It has long been a saying among distillery workers that the wood makes the whisky. However, only
in recent years has the truth of the adage been understood by sensory chemists.
Traditionally, the Scotch whisky industry acquires its wood, in the form of oak casks, from The USA, in particular Kentucky and Tennessee, and from the Spanish region of Jerez and its surrounds. Both American and Spanish oak are used for coopering the casks: American oak is usually better quality than Spanish, but does not possess the tannins that form the dark colours in some whiskies.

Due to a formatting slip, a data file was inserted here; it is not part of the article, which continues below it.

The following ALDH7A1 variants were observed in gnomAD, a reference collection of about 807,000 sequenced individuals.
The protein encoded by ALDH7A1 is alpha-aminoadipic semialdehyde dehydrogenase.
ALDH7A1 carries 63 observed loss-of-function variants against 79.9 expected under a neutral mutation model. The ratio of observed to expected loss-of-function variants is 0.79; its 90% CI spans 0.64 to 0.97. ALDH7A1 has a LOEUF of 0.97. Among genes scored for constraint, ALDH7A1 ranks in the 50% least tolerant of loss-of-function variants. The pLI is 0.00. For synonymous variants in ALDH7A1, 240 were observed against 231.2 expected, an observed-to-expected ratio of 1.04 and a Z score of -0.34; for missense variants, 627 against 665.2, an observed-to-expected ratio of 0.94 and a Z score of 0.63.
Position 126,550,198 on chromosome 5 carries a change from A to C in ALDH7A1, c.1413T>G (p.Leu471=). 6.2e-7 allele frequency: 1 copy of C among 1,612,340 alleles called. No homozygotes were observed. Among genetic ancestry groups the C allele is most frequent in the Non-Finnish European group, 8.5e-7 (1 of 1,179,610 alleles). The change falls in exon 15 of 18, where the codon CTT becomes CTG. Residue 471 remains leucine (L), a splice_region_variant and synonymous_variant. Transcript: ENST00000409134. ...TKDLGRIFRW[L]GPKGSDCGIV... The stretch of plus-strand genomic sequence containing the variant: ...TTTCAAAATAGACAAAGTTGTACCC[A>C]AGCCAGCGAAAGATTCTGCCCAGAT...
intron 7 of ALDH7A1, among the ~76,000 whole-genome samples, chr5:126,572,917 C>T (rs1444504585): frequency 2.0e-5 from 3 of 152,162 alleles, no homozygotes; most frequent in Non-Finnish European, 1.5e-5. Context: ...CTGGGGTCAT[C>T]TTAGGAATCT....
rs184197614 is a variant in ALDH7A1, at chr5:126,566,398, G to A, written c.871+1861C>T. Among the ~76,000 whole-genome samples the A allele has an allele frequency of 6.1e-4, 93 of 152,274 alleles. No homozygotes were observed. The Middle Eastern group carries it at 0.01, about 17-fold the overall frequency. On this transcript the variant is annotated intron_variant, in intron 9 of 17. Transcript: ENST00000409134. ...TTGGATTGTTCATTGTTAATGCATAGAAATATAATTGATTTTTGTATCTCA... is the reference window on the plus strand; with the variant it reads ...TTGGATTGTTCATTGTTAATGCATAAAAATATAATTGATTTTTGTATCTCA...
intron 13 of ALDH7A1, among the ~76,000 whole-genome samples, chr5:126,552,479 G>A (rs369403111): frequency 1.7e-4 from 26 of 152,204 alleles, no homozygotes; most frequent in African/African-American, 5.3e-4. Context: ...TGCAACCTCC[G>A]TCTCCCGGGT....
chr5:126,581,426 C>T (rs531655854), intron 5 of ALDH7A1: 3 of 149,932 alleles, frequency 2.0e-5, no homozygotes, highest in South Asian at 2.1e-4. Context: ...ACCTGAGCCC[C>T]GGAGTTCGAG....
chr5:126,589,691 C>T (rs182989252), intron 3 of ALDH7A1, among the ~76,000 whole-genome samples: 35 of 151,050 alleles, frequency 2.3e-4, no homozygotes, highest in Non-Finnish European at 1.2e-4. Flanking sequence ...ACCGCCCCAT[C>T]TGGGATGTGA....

These casks have been once-seasoned either with Bourbon or Tennessee whisky, in the case of the USA, or Sherry, in the case of Spain. This seasoning prepares the oak to an ideal level of activity for receiving and maturing new make spirit that will become Scotch whisky.